Spinning Into Butter

Spinning Into Butter movie poster
MPAA rating: R
Genre: Drama
A dean (Sarah Jessica Parker) at a Vermont college deals with controversy when a student (Paul James) becomes the target of racism.
Starring: Sarah Jessica Parker, Paul James, Miranda Richardson, Beau Bridges
Director: Mark Brokaw
Running time: 1:26
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Editorial Review

Are you a racist? If you answer yes, then you'll hate "Spinning Into Butter." If you answer no, then you're a liar, says "Spinning Into Butter." And still you won't like the movie very much.

At the kind of sleepy Vermont college that artfully scatters Adirondack chairs about its quad, one of the few black students is the target of anonymous racial threats. When the situation blows up into a media firestorm, everyone at the school must confront his own deep-seated racism -- which, declares "Spinning Into Butter," infects every well-meaning liberal in America. Whether you find the movie's message compelling depends mostly on whether you secretly agree with this premise. Either way, though, it's unlikely you'll enjoy the experience of watching it.

Muddled and rhythmless, stage veteran Mark Brokaw's debut film fails as a drama, but succeeds somewhat as a catalogue of foolish white people, such as the floppy-haired senior who forms Students for Tolerance because he's applying to law school and is "a little short on extracurriculars."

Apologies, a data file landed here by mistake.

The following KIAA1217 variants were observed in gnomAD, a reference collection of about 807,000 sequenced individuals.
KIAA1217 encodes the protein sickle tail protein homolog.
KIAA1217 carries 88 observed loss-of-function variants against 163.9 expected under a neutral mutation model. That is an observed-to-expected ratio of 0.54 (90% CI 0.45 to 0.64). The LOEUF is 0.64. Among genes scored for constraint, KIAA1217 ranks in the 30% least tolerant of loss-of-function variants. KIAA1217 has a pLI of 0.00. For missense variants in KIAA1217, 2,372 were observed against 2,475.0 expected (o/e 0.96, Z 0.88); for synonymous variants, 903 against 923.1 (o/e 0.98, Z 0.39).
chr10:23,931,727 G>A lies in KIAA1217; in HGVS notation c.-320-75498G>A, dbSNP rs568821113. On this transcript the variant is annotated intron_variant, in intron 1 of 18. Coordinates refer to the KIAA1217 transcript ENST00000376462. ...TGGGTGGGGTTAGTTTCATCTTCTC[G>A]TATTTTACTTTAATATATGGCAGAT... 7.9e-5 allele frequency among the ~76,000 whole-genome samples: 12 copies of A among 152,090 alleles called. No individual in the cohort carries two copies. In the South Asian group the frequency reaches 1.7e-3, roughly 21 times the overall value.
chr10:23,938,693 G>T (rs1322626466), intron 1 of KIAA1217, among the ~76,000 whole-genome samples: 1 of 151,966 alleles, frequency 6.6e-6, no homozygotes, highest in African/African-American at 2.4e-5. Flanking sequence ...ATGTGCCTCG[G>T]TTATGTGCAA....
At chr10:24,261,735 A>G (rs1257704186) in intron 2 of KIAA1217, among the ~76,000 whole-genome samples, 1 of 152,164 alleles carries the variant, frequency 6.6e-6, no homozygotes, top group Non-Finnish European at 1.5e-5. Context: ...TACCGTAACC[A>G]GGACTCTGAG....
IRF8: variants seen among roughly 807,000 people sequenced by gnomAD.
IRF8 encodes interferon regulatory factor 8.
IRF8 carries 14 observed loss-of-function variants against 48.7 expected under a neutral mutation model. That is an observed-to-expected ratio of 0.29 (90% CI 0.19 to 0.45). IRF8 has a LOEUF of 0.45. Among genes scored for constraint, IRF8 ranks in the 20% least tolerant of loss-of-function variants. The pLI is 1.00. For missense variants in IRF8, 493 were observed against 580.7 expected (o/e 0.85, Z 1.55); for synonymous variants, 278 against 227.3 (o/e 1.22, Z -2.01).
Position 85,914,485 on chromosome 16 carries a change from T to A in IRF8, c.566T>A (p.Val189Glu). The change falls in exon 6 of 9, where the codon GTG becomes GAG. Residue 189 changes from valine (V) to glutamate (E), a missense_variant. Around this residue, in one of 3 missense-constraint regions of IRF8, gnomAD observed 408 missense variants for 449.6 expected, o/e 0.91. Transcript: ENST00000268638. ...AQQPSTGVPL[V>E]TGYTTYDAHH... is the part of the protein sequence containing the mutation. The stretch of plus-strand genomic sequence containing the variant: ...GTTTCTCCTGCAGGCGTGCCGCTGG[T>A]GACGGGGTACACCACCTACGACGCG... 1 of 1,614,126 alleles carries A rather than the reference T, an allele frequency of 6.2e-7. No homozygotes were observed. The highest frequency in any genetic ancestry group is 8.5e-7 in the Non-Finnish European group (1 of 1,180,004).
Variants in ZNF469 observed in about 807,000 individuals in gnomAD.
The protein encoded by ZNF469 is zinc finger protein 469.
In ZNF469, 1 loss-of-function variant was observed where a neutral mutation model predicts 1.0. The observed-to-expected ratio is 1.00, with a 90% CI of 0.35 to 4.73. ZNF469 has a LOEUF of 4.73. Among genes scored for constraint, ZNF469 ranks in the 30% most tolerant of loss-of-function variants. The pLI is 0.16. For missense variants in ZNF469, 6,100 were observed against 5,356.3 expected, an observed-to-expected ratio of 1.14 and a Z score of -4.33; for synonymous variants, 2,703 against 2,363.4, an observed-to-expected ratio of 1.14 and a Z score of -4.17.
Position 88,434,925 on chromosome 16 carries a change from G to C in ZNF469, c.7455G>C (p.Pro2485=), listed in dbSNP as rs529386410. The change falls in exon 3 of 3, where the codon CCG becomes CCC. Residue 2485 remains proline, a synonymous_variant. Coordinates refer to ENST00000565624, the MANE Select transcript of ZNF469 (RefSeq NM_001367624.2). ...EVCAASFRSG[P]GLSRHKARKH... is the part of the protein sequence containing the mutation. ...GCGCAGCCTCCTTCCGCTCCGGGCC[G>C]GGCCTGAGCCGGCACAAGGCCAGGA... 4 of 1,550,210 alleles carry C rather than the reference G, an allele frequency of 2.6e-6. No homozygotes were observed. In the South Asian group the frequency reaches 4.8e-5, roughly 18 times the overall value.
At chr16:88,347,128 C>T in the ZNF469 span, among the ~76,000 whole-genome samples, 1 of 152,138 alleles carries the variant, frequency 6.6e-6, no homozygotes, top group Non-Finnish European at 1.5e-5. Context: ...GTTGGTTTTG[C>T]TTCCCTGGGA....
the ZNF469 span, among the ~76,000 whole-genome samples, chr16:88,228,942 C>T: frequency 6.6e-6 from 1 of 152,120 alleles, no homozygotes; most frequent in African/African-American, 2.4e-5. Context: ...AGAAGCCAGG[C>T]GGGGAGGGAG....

As a college dean, Sarah Jessica Parker stares tremulously into the distance; the movie would've improved with a lead who wasn't so heavily invested in garnering our pity (such as Hope Davis, who played the role in the play). As a handsome, impossibly understanding black reporter, Mykelti Williamson does his best with a role that, added for the film adaptation, feels underwritten at best and like another manifestation of white guilt at worst. But then to interrogate the role at that level seems pointless, as "Spinning Into Butter," like its verbose, oversensitive characters, interrogates itself at tedious length.

The movie suffers most of all from a feeling of creeping irrelevance, as if it's being delivered well after its sell-by date. Based on the 1999 play by Rebecca Gilman, and shelved since filming completed in 2006, the film feels stuck in a particularly '90s-flavored argument -- about political correctness and culture wars on campus -- that you probably got tired of during your junior year.

But then again, you're a racist.

-- Dan Kois (March 27, 2009)

Contains language.